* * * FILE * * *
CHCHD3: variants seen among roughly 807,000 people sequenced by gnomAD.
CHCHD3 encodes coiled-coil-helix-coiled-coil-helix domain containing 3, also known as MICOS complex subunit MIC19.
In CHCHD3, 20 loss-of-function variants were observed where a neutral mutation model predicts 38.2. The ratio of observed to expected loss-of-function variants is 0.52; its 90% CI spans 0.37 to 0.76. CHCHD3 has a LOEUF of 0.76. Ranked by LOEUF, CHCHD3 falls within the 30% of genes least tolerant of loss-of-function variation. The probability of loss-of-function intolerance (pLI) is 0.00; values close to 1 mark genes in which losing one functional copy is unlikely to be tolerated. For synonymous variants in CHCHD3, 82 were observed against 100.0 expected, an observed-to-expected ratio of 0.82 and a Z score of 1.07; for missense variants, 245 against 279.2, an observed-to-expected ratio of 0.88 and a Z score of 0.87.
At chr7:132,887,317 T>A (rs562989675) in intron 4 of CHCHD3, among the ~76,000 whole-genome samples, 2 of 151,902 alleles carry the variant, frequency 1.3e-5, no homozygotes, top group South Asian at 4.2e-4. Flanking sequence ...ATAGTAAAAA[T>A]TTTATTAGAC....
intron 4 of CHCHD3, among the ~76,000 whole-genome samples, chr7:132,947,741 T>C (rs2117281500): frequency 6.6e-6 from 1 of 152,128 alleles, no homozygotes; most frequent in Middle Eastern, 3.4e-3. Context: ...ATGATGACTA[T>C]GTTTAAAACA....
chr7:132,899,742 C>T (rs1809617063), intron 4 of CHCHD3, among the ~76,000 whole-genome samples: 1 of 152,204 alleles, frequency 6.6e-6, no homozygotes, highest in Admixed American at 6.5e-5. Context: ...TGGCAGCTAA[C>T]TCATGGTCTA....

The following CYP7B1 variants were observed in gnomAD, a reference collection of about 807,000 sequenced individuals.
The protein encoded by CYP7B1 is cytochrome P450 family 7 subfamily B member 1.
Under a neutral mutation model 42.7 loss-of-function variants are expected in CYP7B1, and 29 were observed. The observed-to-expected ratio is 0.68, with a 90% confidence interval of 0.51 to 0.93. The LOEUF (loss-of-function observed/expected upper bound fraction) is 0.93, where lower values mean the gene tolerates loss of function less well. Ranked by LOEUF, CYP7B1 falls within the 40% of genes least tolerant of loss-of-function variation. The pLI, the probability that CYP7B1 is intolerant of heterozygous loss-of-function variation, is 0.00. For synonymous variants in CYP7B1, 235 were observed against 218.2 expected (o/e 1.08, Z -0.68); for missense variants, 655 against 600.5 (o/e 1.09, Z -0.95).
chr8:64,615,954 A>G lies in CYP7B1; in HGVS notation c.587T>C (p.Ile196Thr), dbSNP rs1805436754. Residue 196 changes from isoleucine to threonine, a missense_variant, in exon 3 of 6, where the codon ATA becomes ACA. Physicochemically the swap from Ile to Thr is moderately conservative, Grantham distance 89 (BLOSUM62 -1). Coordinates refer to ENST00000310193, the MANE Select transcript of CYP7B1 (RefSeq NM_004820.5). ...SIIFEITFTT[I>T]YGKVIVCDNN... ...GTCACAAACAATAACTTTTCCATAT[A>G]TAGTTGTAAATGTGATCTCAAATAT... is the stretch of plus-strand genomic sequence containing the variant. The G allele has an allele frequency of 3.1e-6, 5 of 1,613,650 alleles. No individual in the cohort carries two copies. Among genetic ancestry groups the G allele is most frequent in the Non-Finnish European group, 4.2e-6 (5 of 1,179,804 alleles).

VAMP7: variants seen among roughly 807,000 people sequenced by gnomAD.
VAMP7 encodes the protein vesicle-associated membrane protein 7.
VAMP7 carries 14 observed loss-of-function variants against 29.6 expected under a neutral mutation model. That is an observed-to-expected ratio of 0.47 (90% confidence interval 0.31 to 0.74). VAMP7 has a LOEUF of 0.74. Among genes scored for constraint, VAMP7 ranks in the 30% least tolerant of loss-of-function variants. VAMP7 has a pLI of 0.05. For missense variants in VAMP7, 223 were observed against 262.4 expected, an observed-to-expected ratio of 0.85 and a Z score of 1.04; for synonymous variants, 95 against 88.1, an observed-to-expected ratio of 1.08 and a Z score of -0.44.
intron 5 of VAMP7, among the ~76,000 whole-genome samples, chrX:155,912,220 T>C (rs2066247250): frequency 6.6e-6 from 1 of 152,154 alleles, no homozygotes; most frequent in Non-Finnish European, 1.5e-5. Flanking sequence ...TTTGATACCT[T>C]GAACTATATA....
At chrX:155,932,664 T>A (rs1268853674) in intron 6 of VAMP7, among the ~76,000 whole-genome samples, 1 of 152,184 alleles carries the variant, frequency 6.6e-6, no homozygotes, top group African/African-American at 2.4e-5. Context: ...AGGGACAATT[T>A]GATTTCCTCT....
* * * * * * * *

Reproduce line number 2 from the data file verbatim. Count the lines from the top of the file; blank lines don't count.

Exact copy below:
CHCHD3 encodes coiled-coil-helix-coiled-coil-helix domain containing 3, also known as MICOS complex subunit MIC19.